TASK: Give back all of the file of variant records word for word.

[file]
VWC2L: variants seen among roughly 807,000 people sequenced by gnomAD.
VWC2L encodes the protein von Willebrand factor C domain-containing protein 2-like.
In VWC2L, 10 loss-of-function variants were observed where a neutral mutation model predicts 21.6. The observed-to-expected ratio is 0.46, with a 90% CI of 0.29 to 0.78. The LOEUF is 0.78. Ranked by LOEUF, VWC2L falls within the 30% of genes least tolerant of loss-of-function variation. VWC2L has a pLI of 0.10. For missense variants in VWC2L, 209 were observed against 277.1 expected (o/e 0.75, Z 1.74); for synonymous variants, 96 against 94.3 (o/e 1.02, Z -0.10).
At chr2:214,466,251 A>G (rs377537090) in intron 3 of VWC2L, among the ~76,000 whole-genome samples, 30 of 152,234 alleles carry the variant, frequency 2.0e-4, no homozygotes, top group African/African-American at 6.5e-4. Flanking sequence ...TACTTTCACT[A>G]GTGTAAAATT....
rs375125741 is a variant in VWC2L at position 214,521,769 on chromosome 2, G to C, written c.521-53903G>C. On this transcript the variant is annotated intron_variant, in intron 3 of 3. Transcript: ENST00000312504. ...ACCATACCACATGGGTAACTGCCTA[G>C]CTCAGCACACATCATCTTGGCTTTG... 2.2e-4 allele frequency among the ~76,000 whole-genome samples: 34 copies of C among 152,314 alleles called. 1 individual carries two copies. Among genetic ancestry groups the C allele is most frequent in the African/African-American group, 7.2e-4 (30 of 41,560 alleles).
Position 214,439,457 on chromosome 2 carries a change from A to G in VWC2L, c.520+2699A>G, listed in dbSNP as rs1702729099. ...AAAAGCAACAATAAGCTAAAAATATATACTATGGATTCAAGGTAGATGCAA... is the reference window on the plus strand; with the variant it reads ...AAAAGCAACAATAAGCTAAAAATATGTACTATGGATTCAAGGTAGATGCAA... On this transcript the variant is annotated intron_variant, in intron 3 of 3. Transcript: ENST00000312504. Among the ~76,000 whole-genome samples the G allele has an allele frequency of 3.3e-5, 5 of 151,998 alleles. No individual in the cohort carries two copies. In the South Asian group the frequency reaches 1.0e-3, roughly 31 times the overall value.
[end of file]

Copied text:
VWC2L: variants seen among roughly 807,000 people sequenced by gnomAD.
VWC2L encodes the protein von Willebrand factor C domain-containing protein 2-like.
In VWC2L, 10 loss-of-function variants were observed where a neutral mutation model predicts 21.6. The observed-to-expected ratio is 0.46, with a 90% CI of 0.29 to 0.78. The LOEUF is 0.78. Ranked by LOEUF, VWC2L falls within the 30% of genes least tolerant of loss-of-function variation. VWC2L has a pLI of 0.10. For missense variants in VWC2L, 209 were observed against 277.1 expected (o/e 0.75, Z 1.74); for synonymous variants, 96 against 94.3 (o/e 1.02, Z -0.10).
At chr2:214,466,251 A>G (rs377537090) in intron 3 of VWC2L, among the ~76,000 whole-genome samples, 30 of 152,234 alleles carry the variant, frequency 2.0e-4, no homozygotes, top group African/African-American at 6.5e-4. Flanking sequence ...TACTTTCACT[A>G]GTGTAAAATT....
rs375125741 is a variant in VWC2L at position 214,521,769 on chromosome 2, G to C, written c.521-53903G>C. On this transcript the variant is annotated intron_variant, in intron 3 of 3. Transcript: ENST00000312504. ...ACCATACCACATGGGTAACTGCCTA[G>C]CTCAGCACACATCATCTTGGCTTTG... 2.2e-4 allele frequency among the ~76,000 whole-genome samples: 34 copies of C among 152,314 alleles called. 1 individual carries two copies. Among genetic ancestry groups the C allele is most frequent in the African/African-American group, 7.2e-4 (30 of 41,560 alleles).
Position 214,439,457 on chromosome 2 carries a change from A to G in VWC2L, c.520+2699A>G, listed in dbSNP as rs1702729099. ...AAAAGCAACAATAAGCTAAAAATATATACTATGGATTCAAGGTAGATGCAA... is the reference window on the plus strand; with the variant it reads ...AAAAGCAACAATAAGCTAAAAATATGTACTATGGATTCAAGGTAGATGCAA... On this transcript the variant is annotated intron_variant, in intron 3 of 3. Transcript: ENST00000312504. Among the ~76,000 whole-genome samples the G allele has an allele frequency of 3.3e-5, 5 of 151,998 alleles. No individual in the cohort carries two copies. In the South Asian group the frequency reaches 1.0e-3, roughly 31 times the overall value.